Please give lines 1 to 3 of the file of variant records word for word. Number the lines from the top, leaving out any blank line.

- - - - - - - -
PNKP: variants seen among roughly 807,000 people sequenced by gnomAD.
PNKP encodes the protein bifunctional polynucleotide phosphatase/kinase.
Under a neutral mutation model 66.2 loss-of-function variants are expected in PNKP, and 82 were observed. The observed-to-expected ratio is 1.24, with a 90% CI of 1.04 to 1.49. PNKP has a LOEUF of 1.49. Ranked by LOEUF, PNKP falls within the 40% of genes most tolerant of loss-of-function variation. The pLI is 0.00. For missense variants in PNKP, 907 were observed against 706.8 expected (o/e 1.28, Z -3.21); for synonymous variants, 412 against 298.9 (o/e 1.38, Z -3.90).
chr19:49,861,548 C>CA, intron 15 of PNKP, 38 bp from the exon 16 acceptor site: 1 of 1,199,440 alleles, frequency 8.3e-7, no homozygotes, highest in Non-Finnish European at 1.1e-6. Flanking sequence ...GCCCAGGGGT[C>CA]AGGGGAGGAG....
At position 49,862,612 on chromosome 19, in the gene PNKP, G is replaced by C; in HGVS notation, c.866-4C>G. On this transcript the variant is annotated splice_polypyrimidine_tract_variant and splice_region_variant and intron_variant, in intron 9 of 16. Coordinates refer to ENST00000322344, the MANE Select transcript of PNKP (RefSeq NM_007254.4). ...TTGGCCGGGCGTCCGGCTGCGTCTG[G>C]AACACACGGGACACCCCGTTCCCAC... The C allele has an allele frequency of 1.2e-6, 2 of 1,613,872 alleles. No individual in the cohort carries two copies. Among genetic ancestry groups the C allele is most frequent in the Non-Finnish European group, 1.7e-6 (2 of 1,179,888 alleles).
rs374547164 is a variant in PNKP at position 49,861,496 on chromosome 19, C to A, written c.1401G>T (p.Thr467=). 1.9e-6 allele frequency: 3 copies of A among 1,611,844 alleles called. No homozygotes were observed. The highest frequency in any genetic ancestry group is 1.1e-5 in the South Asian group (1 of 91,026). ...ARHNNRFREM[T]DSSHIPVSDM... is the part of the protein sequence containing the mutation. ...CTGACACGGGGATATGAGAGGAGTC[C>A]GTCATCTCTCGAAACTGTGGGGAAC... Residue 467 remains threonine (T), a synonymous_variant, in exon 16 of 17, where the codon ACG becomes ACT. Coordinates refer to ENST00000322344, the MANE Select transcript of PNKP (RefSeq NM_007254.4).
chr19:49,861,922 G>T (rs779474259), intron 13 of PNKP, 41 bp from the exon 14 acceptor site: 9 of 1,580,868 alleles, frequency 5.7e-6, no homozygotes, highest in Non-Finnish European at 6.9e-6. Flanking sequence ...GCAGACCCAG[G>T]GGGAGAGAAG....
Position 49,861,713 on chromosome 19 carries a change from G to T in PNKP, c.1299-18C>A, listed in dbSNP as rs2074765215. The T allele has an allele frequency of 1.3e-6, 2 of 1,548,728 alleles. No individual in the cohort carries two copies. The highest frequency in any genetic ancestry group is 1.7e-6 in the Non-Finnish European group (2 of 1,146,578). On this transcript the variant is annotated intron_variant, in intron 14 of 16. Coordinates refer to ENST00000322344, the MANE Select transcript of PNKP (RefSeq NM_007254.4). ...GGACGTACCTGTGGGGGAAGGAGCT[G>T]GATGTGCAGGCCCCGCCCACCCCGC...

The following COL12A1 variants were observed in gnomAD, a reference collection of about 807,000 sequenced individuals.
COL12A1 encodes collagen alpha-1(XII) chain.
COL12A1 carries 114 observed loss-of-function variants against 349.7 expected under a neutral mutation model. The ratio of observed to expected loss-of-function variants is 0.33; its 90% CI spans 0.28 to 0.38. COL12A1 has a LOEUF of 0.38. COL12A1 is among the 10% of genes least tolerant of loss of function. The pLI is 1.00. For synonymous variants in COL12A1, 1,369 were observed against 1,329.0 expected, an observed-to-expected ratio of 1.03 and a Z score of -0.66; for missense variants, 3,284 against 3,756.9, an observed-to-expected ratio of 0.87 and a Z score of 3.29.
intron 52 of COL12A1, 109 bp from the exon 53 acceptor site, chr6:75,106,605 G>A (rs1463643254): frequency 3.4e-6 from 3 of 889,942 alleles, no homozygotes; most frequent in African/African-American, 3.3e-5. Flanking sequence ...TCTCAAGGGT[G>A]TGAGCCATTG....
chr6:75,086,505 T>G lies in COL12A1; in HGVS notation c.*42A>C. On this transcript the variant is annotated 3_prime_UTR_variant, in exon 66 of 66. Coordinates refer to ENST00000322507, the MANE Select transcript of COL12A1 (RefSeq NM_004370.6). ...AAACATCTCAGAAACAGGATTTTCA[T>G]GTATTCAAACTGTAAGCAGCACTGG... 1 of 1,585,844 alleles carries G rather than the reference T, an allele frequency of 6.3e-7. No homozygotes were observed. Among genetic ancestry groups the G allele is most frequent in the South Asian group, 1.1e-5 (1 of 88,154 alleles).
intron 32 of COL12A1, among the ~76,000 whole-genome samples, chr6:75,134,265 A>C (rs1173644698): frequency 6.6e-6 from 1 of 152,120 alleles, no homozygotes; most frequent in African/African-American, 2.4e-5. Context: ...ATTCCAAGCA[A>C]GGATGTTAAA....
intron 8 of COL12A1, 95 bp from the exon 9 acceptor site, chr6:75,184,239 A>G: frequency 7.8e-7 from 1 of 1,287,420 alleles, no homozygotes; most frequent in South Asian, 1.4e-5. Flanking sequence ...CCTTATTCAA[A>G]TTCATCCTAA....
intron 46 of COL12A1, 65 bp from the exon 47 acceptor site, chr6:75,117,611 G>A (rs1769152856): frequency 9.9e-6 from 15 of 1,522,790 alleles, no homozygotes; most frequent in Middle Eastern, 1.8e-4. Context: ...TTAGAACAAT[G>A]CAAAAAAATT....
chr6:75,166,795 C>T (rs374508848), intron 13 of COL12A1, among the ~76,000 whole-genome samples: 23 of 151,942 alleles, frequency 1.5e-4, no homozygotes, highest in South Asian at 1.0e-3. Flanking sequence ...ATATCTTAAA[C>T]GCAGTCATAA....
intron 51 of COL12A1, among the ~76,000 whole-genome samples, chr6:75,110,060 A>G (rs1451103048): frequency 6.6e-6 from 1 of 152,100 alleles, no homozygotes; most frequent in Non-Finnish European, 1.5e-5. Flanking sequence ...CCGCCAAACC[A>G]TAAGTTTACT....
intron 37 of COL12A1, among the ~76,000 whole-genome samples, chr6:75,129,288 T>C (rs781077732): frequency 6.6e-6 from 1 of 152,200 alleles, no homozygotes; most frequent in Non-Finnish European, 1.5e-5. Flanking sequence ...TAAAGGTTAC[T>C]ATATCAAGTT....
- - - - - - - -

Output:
PNKP: variants seen among roughly 807,000 people sequenced by gnomAD.
PNKP encodes the protein bifunctional polynucleotide phosphatase/kinase.
Under a neutral mutation model 66.2 loss-of-function variants are expected in PNKP, and 82 were observed. The observed-to-expected ratio is 1.24, with a 90% CI of 1.04 to 1.49. PNKP has a LOEUF of 1.49. Ranked by LOEUF, PNKP falls within the 40% of genes most tolerant of loss-of-function variation. The pLI is 0.00. For missense variants in PNKP, 907 were observed against 706.8 expected (o/e 1.28, Z -3.21); for synonymous variants, 412 against 298.9 (o/e 1.38, Z -3.90).